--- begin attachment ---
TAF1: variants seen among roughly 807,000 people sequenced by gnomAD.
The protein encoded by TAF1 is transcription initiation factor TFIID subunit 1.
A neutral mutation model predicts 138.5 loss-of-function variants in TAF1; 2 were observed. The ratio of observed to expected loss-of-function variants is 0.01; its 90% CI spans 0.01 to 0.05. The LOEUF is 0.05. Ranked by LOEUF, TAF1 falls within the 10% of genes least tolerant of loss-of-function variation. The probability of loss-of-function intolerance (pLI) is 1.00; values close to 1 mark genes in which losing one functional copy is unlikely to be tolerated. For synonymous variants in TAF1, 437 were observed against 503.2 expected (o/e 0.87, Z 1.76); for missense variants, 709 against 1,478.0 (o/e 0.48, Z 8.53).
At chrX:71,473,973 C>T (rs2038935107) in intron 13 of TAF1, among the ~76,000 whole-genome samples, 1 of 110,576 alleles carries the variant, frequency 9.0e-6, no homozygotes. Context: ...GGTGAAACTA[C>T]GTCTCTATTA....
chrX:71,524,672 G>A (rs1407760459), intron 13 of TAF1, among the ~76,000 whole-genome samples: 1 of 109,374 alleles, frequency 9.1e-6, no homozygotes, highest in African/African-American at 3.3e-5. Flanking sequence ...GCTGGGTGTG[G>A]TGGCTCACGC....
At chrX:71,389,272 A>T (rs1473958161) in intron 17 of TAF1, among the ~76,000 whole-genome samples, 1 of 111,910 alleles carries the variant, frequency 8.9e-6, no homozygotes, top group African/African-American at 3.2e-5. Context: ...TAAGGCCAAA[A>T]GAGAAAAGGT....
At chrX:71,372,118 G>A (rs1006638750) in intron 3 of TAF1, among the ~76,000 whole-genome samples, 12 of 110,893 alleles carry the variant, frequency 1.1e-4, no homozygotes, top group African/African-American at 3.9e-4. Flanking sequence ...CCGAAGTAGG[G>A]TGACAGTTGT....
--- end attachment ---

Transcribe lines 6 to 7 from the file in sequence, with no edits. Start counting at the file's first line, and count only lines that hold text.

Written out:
At chrX:71,389,272 A>T (rs1473958161) in intron 17 of TAF1, among the ~76,000 whole-genome samples, 1 of 111,910 alleles carries the variant, frequency 8.9e-6, no homozygotes, top group African/African-American at 3.2e-5. Context: ...TAAGGCCAAA[A>T]GAGAAAAGGT....
At chrX:71,372,118 G>A (rs1006638750) in intron 3 of TAF1, among the ~76,000 whole-genome samples, 12 of 110,893 alleles carry the variant, frequency 1.1e-4, no homozygotes, top group African/African-American at 3.9e-4. Flanking sequence ...CCGAAGTAGG[G>A]TGACAGTTGT....